The labor union representing tens of thousands of Las Vegas hospitality workers announced Wednesday that it has reached a tentative deal with casino giant Caesars Entertainment, a major breakthrough that could help avert an unprecedented strike at more than a dozen hotel-casinos on the Las Vegas Strip.
The announcement came after months of tense negotiations and just days before the Culinary Workers Union’s deadline for a strike. The union said in a post on X, formerly Twitter, that the agreement toward a five-year contract for about 10,000 workers came after 20 straight hours of negotiations.
A sweeping walkout could still happen if deals aren’t reached by 5 a.m. Friday with MGM Resorts International, the state’s largest private employer, and Wynn Resorts. But the tentative agreement with Caesars could provide the momentum needed for the union to win new deals for its remaining 25,000 members who are still without contracts.
“As soon as one company reaches a deal, the others just fall right in line,” said Bill Werner, an associate professor at the University of Nevada, Las Vegas, whose research includes hospitality law and labor relations. But, he said, “I would say this is as close as we’ve come in a long time to an actual strike.”
Negotiations with MGM Resorts were scheduled for Wednesday and Wynn Resorts on Thursday. Werner said he expects it won’t take nearly as long for deals with those companies to take shape because the union now has a blueprint with its pending Caesars contract.
Caesars said in a statement that it was excited to reach an agreement that “recognizes the integral contributions our Team Members have made to the success we have seen in Las Vegas over the last few years” with meaningful wage increases and opportunities for growth tied to plans to bring more union jobs to the Strip.
The contract, which is pending approval by the union’s rank and file, would cover properties including the company’s flagship Caesars Palace and Flamingo, Harrah’s, Horseshoe, Paris Las Vegas, Planet Hollywood, Cromwell and Linq.
“We are confident that our UniteHere Team Members will see this agreement as a demonstration of our commitment to their success and as a solid platform from which to deliver the extraordinary service and experiences our guests have come to expect,” Caesars said. Bethany Khan, the union’s spokesperson, said terms of its deal with Caesars would be made public once approved.
A strike would cut to the heart of the city’s economic backbone and significantly disrupt operations at some of the most recognizable Las Vegas hotel-casinos as they prepare to host hundreds of thousands of people for next week’s Formula 1 debut on the Strip.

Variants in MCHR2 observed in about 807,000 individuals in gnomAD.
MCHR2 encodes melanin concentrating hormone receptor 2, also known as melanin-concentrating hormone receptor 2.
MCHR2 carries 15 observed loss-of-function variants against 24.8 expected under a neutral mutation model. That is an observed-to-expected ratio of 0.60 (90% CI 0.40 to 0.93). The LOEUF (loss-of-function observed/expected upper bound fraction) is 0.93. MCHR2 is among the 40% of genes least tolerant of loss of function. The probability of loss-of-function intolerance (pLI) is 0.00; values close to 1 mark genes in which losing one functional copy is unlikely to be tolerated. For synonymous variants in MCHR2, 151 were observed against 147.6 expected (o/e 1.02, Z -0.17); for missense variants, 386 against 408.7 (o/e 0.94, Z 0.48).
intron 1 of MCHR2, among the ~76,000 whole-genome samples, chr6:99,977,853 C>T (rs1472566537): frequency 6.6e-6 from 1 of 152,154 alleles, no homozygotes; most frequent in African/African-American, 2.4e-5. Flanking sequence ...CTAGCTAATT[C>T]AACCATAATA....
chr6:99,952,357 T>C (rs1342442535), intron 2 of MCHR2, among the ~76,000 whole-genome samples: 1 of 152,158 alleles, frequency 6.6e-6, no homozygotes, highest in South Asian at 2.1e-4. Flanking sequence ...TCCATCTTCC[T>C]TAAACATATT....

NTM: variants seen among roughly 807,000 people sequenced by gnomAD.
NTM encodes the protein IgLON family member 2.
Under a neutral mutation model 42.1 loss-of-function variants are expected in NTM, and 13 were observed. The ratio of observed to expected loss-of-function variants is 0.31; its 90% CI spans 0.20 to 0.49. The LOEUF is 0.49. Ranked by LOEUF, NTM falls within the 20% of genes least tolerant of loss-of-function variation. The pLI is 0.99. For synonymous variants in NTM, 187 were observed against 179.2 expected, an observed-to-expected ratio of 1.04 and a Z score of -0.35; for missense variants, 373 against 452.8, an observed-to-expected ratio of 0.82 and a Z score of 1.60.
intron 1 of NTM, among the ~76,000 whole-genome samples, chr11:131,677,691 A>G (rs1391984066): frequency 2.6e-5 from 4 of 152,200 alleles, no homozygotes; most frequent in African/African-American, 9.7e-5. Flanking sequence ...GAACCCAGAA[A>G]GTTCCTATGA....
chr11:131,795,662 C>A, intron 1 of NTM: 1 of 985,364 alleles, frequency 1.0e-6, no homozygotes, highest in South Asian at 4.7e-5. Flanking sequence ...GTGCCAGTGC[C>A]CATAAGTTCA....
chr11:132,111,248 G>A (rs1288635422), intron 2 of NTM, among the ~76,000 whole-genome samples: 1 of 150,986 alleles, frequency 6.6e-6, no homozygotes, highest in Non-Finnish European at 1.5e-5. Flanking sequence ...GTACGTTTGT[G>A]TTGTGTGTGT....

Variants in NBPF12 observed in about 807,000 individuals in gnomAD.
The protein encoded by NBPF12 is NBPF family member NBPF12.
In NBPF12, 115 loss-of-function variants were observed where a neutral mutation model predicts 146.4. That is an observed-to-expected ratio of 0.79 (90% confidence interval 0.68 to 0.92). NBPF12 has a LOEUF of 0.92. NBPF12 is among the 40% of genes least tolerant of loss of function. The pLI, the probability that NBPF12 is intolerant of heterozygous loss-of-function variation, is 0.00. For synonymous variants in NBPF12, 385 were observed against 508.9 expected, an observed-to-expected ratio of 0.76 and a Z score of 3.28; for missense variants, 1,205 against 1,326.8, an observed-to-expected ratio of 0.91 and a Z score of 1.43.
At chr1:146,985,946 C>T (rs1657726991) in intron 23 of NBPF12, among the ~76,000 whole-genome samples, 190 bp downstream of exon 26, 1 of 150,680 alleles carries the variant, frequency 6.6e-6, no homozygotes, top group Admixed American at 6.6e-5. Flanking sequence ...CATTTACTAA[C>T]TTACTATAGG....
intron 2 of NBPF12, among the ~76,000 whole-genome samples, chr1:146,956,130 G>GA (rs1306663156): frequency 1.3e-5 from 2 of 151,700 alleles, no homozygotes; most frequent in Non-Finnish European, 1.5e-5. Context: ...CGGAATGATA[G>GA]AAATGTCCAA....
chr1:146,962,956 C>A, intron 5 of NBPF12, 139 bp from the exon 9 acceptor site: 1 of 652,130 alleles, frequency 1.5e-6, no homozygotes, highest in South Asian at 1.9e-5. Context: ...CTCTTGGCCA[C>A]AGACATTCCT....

It would also be the latest in a series of high-profile actions around the country in what has been a big year for labor unions, including walkouts in Hollywood and UPS’ contentious negotiations that threatened to disrupt the nation’s supply chain. It would also follow hospitality workers walking off the job last month at Detroit’s three casinos, including MGM Grand Detroit.
“No matter if you’re auto workers, if you’re teachers, if you’re writers, if you’re screenwriters, the whole concept is we just want a fair way of making a living,” said Leslie Lilla, a cocktail server at the Bellagio. “We want to provide for our families, so that is coming across loud and clear in America.”
The race course for the inaugural Las Vegas Grand Prix will feature sweeping views of many of the casinos at risk of walkouts, including the Bellagio, MGM Grand and the Aria.
The Wynn and Encore resorts could also be hit by a strike, as well as MGM Resorts International’s Excalibur, Luxor, Mandalay Bay, New York-New York and Park MGM.
The hospitality workers say they are willing to strike for as long as it takes to get fair contracts — from the housekeepers and utility porters who work behind the scenes to keep the Strip’s mega-resorts humming, to the bartenders and cocktail servers who provide the customer service that has helped make Las Vegas famous.
Tiffany Thomas, a guest room attendant at MGM Resorts’ Mandalay Bay and Culinary Union member for 17 years, said she is fighting for her family and for future generations of hospitality workers.
“I am willing to go on strike because I have a 10-year-old daughter who comes to negotiations with me, and she is going to inherit all of this,” Thomas said. “I refuse to sit back and watch what we’ve built crumble. I want my daughter to look at me and know I fought for a better future.”
Bargaining has been underway since April over pay, benefits, job security and working conditions, but negotiations ramped up in recent months after an overwhelming majority of union members voted in September to authorize a strike.
The vote was followed by large-scale rallies on the Strip, including one last month that ended with the arrests of 58 workers who sat in the street and halted rush-hour traffic on one of the most recognizable stretches of the Strip. The workers called it a show of force ahead of any potential strike.
As that rally began, two visitors from Missouri, Cindy Hiatt and Michelle Shirley, told The Associated Press they won’t return to Las Vegas again during a strike.
“The hotels are going to have to realize that they’re not going to have people wanting to come to Vegas without these workers,” Hiatt said.
Members currently receive health insurance and earn about $26 hourly, including benefits, Khan said. The union hasn’t revealed what it has been seeking in pay raises because, Khan said, “we do not negotiate in public,” but the union has said it is negotiating the largest wage increases in its history.
The workers have also said they want better job security amid advancements in technology, as well as stronger security protections, including more safety buttons on casino floors.
Sign up for our weekly newsletter to get more English-language news coverage from EL PAÍS USA Edition